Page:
by Faiza Ilyas

!cid_1.3867475583@web56601.mail.re3Out of the 19 pythons handed over to the animal laboratory of the Dow University of Health Sciences (DUHS) almost a year ago by the zoo, only eight have survived at the facility.

What had directly or indirectly affected the reptiles’ well-being, they said, was lack of interest on the part of zoo officials who didn’t provide any data to the DUHS animal laboratory on the management of imported species. Besides, no financial support was offered to the laboratory already facing an acute shortage of funds and staff.

The zoo (that now owns the pythons) hasn’t paid a single rupee so far to the university lab which is forced to feed and take care of the reptiles from its own resources as the zoo hasn’t shown any intention to take them back, though it had verbally promised to do so in a few weeks.

The pythons are being fed ‘disease-free’ mice, rats and rabbits that are raised at the university lab. Each mouse costs about Rs1,500 and is given to reptiles once every 10 days. “The reptiles’ management is an additional burden on our laboratory, which lacks staff and enough resources to take care of its own matters,” said Dr Zameer Ahmed, who is running the DUHS laboratory of the Department of Animal Sciences of DUHS almost single-handedly.

The zoo staff, according to Mr Ahmed, has never visited the laboratory to show concern over upkeep of the pythons.

“All were sick when they were shifted here. The zoo didn’t provide us with any data on their habitat and feeding habits, though pythons were exotic and of different types,” he said.

A few reptiles died at the laboratory in initial weeks as they were brought in extreme dehydrated condition. Then, four pythons died in two separate incidents when they attempted to eat other. All carcasses are preserved at the laboratory.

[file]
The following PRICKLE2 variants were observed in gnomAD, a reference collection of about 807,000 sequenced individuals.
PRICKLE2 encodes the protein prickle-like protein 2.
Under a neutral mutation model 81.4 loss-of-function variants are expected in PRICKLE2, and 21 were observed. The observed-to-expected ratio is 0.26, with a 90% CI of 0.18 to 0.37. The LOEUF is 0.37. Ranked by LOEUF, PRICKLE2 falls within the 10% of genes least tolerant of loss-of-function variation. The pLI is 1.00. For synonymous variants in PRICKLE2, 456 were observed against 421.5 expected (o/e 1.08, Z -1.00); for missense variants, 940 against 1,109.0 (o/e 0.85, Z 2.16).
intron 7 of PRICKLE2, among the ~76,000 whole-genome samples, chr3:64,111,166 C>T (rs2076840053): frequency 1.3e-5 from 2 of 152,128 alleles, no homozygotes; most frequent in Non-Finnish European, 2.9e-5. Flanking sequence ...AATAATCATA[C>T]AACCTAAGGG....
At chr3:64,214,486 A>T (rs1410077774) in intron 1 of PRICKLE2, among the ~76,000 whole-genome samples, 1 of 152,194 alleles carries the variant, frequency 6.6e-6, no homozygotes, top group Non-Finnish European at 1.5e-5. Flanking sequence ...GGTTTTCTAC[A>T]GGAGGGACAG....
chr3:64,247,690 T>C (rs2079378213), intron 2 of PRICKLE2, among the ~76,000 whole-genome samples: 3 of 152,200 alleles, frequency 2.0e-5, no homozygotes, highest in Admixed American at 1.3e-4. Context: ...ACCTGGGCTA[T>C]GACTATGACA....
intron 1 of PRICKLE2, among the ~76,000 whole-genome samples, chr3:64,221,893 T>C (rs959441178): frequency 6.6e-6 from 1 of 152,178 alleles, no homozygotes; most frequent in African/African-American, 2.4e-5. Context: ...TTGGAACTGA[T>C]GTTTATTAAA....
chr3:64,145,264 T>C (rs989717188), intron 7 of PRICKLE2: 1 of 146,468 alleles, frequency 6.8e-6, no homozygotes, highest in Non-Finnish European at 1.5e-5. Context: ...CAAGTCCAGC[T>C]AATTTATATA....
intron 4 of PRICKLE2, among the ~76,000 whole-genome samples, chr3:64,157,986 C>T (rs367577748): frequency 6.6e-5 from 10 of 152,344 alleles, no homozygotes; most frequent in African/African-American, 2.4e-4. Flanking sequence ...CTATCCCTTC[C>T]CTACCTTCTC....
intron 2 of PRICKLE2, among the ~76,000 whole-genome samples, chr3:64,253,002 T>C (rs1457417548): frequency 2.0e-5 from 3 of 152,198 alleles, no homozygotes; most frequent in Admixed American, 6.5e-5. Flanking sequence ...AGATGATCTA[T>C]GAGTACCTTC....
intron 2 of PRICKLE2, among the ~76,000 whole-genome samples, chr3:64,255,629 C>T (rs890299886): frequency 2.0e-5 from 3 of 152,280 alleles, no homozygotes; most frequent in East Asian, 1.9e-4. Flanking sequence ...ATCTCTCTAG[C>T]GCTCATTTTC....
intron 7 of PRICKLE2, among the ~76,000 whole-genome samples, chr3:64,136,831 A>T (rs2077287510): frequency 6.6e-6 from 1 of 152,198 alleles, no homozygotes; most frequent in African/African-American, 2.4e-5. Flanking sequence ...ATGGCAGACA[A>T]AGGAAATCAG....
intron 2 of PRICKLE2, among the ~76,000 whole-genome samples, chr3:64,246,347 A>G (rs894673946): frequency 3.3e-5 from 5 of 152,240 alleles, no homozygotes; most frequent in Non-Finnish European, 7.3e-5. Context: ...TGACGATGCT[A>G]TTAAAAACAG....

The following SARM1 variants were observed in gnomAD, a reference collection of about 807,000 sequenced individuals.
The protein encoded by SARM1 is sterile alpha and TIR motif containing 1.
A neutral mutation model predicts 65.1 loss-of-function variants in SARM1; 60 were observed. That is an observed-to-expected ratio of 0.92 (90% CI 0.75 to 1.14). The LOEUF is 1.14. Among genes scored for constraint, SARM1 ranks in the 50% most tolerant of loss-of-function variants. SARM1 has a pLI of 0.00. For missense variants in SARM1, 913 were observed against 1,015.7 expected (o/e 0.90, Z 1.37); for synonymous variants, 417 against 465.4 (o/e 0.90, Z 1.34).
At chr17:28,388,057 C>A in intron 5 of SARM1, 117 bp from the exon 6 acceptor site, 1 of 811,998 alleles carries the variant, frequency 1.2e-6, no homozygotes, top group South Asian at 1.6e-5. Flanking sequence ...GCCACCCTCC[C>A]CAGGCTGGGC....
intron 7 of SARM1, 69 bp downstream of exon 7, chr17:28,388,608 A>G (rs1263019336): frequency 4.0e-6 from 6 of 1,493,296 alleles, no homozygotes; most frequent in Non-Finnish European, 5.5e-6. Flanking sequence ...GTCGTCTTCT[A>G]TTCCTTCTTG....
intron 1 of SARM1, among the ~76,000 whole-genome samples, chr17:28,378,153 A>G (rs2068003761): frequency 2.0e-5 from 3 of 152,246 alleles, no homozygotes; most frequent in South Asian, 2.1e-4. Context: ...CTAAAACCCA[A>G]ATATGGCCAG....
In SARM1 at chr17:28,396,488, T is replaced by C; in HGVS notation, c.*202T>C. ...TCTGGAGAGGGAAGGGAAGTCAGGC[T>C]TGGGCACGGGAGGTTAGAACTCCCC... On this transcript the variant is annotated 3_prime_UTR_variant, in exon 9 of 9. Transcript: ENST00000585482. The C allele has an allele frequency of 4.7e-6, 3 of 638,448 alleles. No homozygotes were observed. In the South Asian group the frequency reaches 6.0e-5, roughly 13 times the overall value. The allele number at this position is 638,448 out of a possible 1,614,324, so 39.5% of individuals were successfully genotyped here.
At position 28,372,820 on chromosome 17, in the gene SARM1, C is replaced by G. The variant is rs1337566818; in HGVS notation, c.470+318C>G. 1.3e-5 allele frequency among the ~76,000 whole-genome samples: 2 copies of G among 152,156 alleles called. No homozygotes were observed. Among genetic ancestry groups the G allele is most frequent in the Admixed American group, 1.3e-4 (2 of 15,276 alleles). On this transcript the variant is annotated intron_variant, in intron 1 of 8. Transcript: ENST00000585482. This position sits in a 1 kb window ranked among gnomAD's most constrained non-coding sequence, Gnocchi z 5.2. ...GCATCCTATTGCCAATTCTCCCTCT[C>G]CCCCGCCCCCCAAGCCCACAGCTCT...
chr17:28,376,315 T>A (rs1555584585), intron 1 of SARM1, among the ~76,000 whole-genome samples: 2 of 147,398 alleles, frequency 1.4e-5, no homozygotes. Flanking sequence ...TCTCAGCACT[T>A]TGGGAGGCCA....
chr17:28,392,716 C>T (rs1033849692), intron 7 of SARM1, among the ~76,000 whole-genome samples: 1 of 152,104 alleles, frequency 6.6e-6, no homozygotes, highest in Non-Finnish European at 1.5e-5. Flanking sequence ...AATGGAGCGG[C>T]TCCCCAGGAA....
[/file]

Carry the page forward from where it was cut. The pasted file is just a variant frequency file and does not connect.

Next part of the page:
Upon contact, Additional Zoo Director Syed Aqeel Tazeem Naqvi said that the pythons were handed over to the animal laboratory for better care and management and if the zoo had the capacity to do the job itself, there was no need to shift the animals there.

“We want the pythons to get a litter bigger and stronger before shifting them to the zoo. I have also suggested to the zoo director to get a staff member trained in snake care at the university lab,” he said, adding that he was not aware whether the zoo staff were keeping contact with the laboratory.

The university bills had been sent to higher officials for approval and all payments would be made, he added.

It is important to recall that 19 pythons, now a zoo property following a decision of the customs department, were part of a consignment of 31 reptiles which was seized at Karachi airport in February 2013 when the importer could not produce the mandatory import permit.

The consignment comprising one Python curtus, three boa constrictors, 14 Python regius and 13 Python reticulates was handed over to the zoo where they started dying one after another.

In a few months, 12 pythons were reported dead that included a 17-foot-long Indian reticulated python and a 12-foot-long albino reticulated python. The two big pythons remained ‘missing’ for sometime before reported dead. Their death is still a mystery as the species is quite hardy.

Later, the remaining species were handed over to the DUHS animal laboratory. In 2013, the zoo held a reptile show where a number of python species were put on display by animal lovers.

Advertisements